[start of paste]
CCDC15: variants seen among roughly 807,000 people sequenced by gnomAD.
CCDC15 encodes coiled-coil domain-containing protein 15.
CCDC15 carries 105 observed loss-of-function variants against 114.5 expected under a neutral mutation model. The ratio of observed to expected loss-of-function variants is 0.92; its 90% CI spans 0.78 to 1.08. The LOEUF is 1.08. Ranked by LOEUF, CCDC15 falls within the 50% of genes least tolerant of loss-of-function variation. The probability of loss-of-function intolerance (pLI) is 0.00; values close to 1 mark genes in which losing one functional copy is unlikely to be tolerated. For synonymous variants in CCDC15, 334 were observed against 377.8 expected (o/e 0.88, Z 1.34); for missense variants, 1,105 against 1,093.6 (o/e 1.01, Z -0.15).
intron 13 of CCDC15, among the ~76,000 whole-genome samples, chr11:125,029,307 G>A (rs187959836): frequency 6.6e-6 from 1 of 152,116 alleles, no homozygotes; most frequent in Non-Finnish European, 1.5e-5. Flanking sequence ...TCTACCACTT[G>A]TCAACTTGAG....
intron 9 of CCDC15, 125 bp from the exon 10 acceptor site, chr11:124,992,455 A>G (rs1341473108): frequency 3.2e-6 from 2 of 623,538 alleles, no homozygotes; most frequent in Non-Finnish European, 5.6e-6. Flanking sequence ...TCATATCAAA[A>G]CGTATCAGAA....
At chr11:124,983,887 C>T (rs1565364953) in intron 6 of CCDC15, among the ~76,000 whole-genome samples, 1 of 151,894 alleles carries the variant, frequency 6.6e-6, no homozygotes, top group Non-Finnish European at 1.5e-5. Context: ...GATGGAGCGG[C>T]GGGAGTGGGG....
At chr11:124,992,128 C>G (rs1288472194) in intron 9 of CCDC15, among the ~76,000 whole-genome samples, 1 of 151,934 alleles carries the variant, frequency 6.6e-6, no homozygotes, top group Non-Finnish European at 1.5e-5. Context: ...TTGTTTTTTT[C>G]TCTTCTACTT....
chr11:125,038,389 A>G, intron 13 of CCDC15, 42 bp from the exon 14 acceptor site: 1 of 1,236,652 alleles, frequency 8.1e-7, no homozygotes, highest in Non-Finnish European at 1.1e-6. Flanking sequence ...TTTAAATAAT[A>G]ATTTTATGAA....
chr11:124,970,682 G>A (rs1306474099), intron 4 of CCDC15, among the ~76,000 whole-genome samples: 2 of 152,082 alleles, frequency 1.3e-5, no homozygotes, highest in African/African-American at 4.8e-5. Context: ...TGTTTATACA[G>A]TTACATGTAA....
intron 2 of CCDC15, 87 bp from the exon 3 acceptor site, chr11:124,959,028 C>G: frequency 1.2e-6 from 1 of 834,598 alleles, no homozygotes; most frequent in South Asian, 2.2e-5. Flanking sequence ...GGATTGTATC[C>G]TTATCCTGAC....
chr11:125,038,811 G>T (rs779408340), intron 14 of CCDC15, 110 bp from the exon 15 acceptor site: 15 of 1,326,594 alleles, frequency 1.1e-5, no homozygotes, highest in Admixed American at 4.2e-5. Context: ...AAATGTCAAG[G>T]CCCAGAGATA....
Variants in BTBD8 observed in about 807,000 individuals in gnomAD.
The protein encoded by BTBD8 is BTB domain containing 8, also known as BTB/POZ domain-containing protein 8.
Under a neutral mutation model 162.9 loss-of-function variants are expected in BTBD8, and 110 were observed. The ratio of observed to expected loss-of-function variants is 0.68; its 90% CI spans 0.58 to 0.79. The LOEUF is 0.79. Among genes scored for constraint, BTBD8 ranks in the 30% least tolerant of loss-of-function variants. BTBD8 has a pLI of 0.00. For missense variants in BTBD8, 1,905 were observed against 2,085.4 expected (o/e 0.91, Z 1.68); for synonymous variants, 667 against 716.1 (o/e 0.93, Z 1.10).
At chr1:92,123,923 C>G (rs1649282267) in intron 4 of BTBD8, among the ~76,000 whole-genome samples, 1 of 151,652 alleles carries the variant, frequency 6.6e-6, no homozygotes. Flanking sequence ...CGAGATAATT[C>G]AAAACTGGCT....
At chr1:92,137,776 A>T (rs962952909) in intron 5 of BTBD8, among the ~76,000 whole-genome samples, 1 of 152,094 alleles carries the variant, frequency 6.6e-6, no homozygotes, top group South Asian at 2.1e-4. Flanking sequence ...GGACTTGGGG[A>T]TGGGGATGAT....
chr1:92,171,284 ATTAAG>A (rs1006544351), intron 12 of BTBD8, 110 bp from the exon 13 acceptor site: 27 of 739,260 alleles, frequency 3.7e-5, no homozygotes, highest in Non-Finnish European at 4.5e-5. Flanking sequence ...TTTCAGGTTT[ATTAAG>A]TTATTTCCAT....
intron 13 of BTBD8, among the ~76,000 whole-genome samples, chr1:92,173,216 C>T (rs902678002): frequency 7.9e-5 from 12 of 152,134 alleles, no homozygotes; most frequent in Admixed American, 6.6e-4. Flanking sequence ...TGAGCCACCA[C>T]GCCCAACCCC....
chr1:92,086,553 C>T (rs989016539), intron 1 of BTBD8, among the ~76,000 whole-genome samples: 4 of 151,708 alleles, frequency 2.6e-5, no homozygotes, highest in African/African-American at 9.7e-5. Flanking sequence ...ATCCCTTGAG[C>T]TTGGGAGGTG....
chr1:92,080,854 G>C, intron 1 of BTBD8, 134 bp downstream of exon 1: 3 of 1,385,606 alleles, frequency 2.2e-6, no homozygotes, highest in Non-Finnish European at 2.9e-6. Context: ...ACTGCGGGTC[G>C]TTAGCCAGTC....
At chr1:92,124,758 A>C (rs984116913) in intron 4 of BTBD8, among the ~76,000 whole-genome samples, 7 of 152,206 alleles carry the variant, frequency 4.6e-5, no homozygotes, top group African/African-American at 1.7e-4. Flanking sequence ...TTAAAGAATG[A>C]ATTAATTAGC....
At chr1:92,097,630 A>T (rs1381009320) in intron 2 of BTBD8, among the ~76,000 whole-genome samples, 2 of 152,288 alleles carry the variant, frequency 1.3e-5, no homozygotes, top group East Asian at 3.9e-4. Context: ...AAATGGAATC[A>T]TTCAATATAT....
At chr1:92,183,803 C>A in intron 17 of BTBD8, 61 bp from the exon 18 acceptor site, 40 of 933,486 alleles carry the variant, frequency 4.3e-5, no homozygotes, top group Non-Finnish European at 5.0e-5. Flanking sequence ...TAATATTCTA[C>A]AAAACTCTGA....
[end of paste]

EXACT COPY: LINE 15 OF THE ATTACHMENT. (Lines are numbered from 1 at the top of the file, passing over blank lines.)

At chr1:92,123,923 C>G (rs1649282267) in intron 4 of BTBD8, among the ~76,000 whole-genome samples, 1 of 151,652 alleles carries the variant, frequency 6.6e-6, no homozygotes. Flanking sequence ...CGAGATAATT[C>G]AAAACTGGCT....